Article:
DePaul University Newsline > Sections > Campus and Community > Education faculty and Catholic high school students address racial inequity
By Kristin Claes Mathews /
April 30, 2021 /
Posted in: CAMPUS AND COMMUNITY /
To help facilitate these conversations, students and teachers from 25 high schools in the Archdiocese of Chicago have come together with DePaul’s College of Education to address racial inequity. The Office of Catholic Schools launched the project in response to the 2020 murder of George Floyd and its aftermath. In late April, the students presented their ideas for building racial equality along with each school’s commitment to racial justice to Cardinal Blase J. Cupich, archbishop of Chicago.
DePaul faculty led the equity workshops for the students to examine racism in light of Catholic social teachings. In addition to Burgess, facilitators from DePaul faculty included Donna Kiel, Camille Auguste and Tina Curry. The program, developed by DePaul, is RISE: Catholic Students RISE for Racial Equity. RISE stands for the process of reflection, inquiry, self-awareness and empathy.
“Working with the Catholic high school students on racial equity was an inspirational and transformational experience. The students are models of faith, hope, inclusion and social justice,” says Kiel, who teaches educational leadership. Throughout the pandemic, the College of Education has offered training and support to teachers.
The students and faculty advisors from each participating Catholic high school began meeting online with DePaul faculty in February to come up with solutions to problems at their respective schools. When the larger group gathered, there were more than 300 students, teachers and DePaul faculty on the Zoom. During the meetings, each school was asked to create a vision for racial justice in their school. These exercises guided the development of individual commitments to racial justice and equity.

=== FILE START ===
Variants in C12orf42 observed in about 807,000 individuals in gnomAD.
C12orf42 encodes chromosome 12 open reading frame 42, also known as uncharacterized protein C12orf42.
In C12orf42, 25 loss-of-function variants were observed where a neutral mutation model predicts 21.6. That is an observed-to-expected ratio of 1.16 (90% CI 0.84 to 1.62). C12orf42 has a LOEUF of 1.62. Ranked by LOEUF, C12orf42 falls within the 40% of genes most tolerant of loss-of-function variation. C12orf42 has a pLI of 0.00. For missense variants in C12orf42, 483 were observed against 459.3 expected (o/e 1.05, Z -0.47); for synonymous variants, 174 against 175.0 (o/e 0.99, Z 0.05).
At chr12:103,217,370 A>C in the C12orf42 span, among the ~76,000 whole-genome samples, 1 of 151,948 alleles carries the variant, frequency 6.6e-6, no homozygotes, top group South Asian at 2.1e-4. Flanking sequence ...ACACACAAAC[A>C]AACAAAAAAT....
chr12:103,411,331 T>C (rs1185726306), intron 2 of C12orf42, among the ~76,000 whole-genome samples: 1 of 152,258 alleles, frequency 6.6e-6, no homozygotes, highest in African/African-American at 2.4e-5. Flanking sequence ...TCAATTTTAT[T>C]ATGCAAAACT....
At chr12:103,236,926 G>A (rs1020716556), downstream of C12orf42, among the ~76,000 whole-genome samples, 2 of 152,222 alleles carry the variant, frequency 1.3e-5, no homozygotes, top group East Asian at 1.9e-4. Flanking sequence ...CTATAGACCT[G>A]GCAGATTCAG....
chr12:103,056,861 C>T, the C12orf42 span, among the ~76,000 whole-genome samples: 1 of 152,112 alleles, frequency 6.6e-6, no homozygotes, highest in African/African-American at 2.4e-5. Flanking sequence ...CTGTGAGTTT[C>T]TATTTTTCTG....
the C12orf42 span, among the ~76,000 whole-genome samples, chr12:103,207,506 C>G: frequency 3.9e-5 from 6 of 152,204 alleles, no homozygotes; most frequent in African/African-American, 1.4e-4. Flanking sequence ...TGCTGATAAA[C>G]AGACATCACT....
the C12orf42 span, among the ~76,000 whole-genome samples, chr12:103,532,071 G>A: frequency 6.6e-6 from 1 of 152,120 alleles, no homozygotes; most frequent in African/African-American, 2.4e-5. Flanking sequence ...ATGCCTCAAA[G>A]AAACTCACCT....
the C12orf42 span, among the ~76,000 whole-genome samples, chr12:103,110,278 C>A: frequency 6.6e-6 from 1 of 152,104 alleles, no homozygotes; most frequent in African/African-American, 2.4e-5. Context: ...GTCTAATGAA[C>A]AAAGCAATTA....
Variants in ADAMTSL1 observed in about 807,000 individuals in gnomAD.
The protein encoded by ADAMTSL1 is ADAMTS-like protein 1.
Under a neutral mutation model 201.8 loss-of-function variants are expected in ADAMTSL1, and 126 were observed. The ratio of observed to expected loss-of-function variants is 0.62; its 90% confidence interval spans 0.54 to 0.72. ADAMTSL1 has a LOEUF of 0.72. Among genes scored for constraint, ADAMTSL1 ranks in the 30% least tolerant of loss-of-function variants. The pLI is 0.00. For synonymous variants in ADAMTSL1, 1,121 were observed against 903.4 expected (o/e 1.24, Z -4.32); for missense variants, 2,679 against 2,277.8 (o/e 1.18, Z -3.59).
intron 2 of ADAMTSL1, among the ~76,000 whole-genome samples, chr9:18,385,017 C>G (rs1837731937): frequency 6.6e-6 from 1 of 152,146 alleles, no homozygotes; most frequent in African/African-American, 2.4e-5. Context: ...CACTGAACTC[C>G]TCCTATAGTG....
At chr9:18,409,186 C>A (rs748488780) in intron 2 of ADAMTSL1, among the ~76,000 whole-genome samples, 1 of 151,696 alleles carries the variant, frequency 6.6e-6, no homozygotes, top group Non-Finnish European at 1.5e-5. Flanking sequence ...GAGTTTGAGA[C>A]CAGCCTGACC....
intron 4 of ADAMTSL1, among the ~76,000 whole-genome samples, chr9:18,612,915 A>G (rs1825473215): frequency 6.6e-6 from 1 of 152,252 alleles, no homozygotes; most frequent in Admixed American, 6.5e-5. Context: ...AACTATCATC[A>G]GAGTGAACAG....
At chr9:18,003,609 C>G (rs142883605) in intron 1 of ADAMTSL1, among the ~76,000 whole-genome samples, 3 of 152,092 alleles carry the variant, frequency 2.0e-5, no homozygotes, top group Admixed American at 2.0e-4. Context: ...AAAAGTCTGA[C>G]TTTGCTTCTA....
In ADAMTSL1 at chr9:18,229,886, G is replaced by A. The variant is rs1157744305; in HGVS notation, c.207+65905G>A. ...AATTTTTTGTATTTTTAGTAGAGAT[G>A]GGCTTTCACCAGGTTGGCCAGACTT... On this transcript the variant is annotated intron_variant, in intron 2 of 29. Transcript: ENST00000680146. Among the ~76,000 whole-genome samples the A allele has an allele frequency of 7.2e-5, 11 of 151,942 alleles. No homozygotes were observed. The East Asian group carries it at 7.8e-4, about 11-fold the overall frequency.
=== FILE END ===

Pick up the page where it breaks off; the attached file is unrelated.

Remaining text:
Chicago Catholic reports, students made recommendations around three themes: curriculum and culture, diversity among faculty and staff, and safe spaces for students to engage in conversations about race, culture and social justice. For example, Nazareth high school made recommendations to “increase education about racism, microaggressions and the impact of insensitive language, jokes and comments.” Burgess, an assistant professor, led several of the workshops in collaboration with Auguste, Curry, and Kiel. As a focus of her research and teaching, Burgess works with youth, teachers and counselors to examine ways that social constructs shape our lives. This starts by acknowledging that everyone’s lived experiences are different, she says.
“The students are so insightful, and unfortunately many students have a lot of experiences from their own lives that highlight racial inequity,” Burgess says. "The hope is that we can continue to foster opportunities for students to share their insights and to inform decision-making processes that impact their own educational experience."
The generation of students who are now in high school seem more engaged in advocacy, Burgess notes. Across all schools, students arrived at wanting to build a strong sense of community. “Students’ end goals were to build a better community, and one that's reflective of our Catholic values as well.” For more, visit the Office of Innovative Professional Learning online.